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Murphy In-a-Dor Beds

by Susan Saperstein and Peter Field

As the story goes, William Murphy lived in a one-room apartment in San Francisco around 1900 and wanted to invite friends over, including lady friends. If you have ever lived in a studio apartment, you know that the center of attention is the bed. Either Mr. Murphy, or his landlady, or just the morals of the time, deemed it scandalous for a woman to be in a man's bedroom. So Murphy, with the help of a blacksmith, designed a bed that could flip into a closet to hide it.

William L. Murphy (1876–1959), the son of a 49er, was born in the Gold Country of Columbia, California. Before he moved to San Francisco, his various jobs included breaking in horses, driving a stagecoach, and serving as sheriff. In San Francisco he lived in an apartment at 625 Bush Street at Burritt. For fans of The Maltese Falcon film, Burritt is the "spot [where] Miles Archer, partner of Sam Spade, was done in by Brigid O'Shaughnessy."

Foldaway or foldup beds were not invented by Murphy. They had been around in various forms, and according to one source, Thomas Jefferson and Paul Revere used them. Many of these beds morphed into other furniture pieces, folding into cabinets and armoires. The Sears and Roebuck catalogue of 1895 featured several varieties of folding beds.

When Murphy married his girlfriend, he borrowed money from her father to start his business making foldaway beds. He experimented with the design and developed a pivot for the bed, mounted by a hinge on the closet door. He patented this design as the Murphy In-A-Dor bed in 1918. These beds were described in their time as portal, revolving wall, and patent disappearing beds. After first contracting the Simmons Company to manufacture them and sell them through their outlets, Murphy eventually built his own factories.

Murphy beds became a popular trend as more people moved into cities and apartments. After the San Francisco Earthquake and Fire of 1906, his invention became even more popular as they were incorporated into new buildings. In 1925 the Murphy Wall Bed Company left San Francisco and moved its corporate headquarters to New York City. By 1927 the company had factories in San Francisco, Chicago, and New York. In the 1930s the company also began producing small kitchenettes called Murphy Cabrinettes. In the 1920s and 1930s the demand peaked, with sales reaching over 100,000 units a year. However, during the Depression plants were closed, and in World War II steel rationing cut production. The post World War II housing boom further cut the company's business when people wanted to live in houses rather than apartments. One of their biggest competitors, the sofa bed, became popular in the 1940s. In 1989 an appellate court held that the term Murphy bed is no longer entitled to trademark protection because the public perceives it as a generic term for a bed that folds into a wall. Nevertheless, the company is still in business in Farmingdale, New York, outside of New York City. Although these beds were featured in early movie comedies where people are humorously folded inside when the bed suddenly closes, according to historian Gladys Hansen they also played a role in some of the 1906 San Francisco Earthquake fatalities.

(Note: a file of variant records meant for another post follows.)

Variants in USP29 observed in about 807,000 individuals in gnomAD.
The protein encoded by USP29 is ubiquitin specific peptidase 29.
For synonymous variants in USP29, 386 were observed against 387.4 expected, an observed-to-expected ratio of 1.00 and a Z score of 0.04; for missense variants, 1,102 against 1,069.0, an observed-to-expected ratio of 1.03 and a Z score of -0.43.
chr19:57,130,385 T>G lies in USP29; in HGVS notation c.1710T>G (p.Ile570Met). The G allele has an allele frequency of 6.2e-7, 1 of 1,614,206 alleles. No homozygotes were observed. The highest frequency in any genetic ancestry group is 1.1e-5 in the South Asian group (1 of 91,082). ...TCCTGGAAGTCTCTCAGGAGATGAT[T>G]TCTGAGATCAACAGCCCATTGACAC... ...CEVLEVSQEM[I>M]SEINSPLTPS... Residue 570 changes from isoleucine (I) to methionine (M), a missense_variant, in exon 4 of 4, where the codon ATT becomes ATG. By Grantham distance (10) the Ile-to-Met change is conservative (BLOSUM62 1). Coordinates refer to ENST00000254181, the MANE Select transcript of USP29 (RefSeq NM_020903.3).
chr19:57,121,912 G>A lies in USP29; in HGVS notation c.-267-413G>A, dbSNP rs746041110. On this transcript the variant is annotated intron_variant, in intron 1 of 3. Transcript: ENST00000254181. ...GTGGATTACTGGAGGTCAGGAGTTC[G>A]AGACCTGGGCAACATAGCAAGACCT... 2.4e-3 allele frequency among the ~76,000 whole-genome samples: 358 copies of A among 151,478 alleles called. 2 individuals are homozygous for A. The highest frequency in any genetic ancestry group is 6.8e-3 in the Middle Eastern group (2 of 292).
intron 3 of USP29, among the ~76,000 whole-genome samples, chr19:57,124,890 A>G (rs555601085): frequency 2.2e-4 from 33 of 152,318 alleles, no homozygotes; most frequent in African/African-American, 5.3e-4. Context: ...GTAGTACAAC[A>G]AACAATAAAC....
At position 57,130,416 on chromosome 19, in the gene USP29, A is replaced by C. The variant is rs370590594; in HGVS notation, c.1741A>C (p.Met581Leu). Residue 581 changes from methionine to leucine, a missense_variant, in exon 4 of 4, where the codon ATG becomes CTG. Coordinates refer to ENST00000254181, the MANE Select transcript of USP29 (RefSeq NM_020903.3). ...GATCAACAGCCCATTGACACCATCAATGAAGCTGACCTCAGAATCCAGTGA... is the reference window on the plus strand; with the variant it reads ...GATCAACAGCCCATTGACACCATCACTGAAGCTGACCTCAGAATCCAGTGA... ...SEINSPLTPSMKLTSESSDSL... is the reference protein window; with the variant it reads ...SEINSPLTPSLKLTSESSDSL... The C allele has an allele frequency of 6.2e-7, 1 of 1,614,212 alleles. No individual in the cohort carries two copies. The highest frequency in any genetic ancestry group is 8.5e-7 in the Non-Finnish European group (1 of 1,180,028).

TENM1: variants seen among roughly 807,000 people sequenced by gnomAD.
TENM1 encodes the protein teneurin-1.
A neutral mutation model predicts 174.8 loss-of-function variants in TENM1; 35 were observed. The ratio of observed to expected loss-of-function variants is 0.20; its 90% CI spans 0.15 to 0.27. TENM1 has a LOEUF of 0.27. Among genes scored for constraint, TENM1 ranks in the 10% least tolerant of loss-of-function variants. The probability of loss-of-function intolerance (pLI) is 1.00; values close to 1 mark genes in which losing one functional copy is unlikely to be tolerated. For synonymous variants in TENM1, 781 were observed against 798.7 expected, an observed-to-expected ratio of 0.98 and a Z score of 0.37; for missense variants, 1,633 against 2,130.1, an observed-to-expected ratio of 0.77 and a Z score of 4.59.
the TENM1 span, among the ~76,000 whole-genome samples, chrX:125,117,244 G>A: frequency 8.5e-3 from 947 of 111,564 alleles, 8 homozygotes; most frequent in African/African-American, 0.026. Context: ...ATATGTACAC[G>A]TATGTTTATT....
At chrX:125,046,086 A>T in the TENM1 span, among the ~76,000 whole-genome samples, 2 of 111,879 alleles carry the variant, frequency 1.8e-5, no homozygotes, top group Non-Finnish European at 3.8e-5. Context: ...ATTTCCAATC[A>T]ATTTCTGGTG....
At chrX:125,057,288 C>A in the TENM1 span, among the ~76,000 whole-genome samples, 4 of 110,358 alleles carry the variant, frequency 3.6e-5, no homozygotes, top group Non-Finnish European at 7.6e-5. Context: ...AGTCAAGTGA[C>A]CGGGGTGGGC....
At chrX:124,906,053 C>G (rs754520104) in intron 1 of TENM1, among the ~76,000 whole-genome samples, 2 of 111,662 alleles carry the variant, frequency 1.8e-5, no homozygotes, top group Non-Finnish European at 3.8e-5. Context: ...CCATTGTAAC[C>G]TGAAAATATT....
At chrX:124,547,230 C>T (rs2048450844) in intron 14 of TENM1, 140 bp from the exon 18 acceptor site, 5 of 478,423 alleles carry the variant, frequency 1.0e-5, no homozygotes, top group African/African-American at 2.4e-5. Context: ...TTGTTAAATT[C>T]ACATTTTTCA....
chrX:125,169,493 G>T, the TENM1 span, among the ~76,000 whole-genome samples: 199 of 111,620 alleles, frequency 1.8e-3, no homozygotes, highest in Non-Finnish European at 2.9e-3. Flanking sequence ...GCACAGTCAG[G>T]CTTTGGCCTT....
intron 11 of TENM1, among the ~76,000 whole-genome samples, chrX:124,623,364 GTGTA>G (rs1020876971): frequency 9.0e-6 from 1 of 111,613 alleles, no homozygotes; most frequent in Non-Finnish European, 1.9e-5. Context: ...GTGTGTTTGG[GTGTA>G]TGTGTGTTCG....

In the years since she retired as the Archivist of the San Francisco Public Library, Hansen has been researching the number of people who actually died, in contrast to the 478 officially listed at the time. In the course of her research, she found many references to people being caught in Murphy beds. As she says, it was something she was not looking for, but she kept running across references in stories and letters written at the time. These were references to beds violently moving during the earthquake and deaths being caused by suffocation and broken necks.

However, not all 1906 Murphy bed occupants met untimely deaths. In a letter to Westways Magazine, Don Forsyth wrote about his family:

My father was born in San Francisco in 1899. The family lived in a third-floor apartment. He and his two-year-old brother were in their bedroom when the 1906 quake occurred. My grandfather ran into the room to see about the boys, but he only saw my father. Then he heard a cry from behind the wall. My uncle had been on a Murphy bed, and the quake had caused it to fold up into the wall. My grandfather pulled the bed down, and there was his two-year-old, weeping but unhurt. My father had a repertoire of earthquake stories, but this remained his favorite.


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The Murphy Wall Bed Company had an office at the Crocker Building at Montgomery and Market in 1913.

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